The world’s oil and gas explorers discovered 12.2 billion barrels of oil equivalent (boe) in 2019, which is the highest volume since 2015, according to energy researcher Rystad Energy.

Rystad reported that 2019 saw 26 discoveries of more than 100 million boe, with offshore regions dominating the list of new oil and gas deposits.

Looking into company rankings, ExxonMobil came first in 2019 after it added four new discoveries within its offshore Stabroek block in Guyana.

Rystad’s upstream senior analyst Palzor Shenga said:  “ExxonMobil can be declared explorer of the year for a second year in a row thanks to its ongoing efforts and results in Guyana, along with significant investments in Cyprus. The supermajor was exceptional, both in terms of discovered volumes and value creation from exploration.”

Rystad also estimated that the discoveries in Guyana hold cumulative recoverable resources of around 1.8 billion boe.

Chinese CNOOC took the second and the third spots on the list of top explorers of 2019 in terms of value creation from new discoveries, benefiting from its partnership with ExxonMobil in Guyana’s Stabroek block. CNOOC had value creation of around $1.8bn for the time period.

French operator Total took fourth place, with about $873m in value creation from its 2019 exploration activities after the success with the Brulpadda find in South Africa, according to Shenga.

In turn, BP’s Orca gas field was the largest single discovery and also the deepest-water find of 2019, estimated by Rystad to hold about 1.3 billion boe of recoverable resources. Off the coast of Mauritania, recent gas discoveries in the region now support plans to build an additional LNG hub in the Bir Allah area.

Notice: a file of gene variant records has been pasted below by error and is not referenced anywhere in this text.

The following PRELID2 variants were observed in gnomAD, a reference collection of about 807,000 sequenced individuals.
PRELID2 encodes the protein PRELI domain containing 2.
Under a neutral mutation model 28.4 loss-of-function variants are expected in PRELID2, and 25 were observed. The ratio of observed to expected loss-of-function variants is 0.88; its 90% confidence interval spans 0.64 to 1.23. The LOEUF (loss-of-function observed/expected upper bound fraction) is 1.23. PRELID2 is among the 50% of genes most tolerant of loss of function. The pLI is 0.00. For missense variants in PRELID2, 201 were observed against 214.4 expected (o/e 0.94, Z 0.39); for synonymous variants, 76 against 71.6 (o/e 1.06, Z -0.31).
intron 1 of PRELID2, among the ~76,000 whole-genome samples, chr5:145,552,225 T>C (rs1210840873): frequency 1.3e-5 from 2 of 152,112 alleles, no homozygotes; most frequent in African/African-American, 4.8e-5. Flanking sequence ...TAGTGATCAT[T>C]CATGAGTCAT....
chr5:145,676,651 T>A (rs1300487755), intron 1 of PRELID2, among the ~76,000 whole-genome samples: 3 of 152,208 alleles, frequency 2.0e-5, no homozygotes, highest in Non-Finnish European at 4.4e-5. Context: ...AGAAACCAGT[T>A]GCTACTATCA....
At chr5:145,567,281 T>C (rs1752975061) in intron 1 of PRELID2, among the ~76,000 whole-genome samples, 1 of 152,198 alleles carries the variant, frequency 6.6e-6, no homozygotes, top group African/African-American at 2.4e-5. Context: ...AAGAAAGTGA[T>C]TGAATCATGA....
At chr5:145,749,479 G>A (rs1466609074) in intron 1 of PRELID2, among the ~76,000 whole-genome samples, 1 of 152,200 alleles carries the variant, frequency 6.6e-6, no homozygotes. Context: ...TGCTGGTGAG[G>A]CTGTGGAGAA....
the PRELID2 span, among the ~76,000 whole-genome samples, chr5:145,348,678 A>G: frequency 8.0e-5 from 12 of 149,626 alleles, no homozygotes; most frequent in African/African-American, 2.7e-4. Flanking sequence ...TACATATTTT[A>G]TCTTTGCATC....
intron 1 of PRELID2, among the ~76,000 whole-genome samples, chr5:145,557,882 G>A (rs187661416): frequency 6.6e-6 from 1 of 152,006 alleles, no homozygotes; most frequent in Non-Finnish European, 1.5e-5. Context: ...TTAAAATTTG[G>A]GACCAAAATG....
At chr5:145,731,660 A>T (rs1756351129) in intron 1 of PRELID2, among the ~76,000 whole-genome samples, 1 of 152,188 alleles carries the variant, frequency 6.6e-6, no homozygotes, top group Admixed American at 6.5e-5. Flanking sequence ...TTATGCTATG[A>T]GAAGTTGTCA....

In Russia, Gazprom announced two discoveries in the Kara Sea, Dinkov in the Rusanovsky block, the second-largest find in 2019 worldwide, and Nyarmeyskoye in the Nyarmeysky block. Rystad estimates the Gazprom discoveries for the period to hold combined recoverable resources of around 1.5 billion boe.

Other key offshore discoveries in 2019 include Total’s Brulpadda in South Africa, ExxonMobil’s Glaucus in Cyprus, CNOOC’s Glengorm in the United Kingdom and Equinor’s Sputnik in the Norwegian sector of the Barents Sea.

On the other hand, Shenga said that many of 2019’s high-impact wells turned out to be duds. “Although the discovered volumes for 2019 surpassed the preceding year, it was a disappointing year for high-profile wells as many prospects with significant estimated pre-drill resources failed to deliver.

Over 10 billion barrels of estimated pre-drill volumes were at stake in wells that failed to encounter hydrocarbons,” he said.

In 2020, Rystad expects the global discovered volumes to continue the recent trend, with the list including high-impact wells along with promising probes delayed from 2019.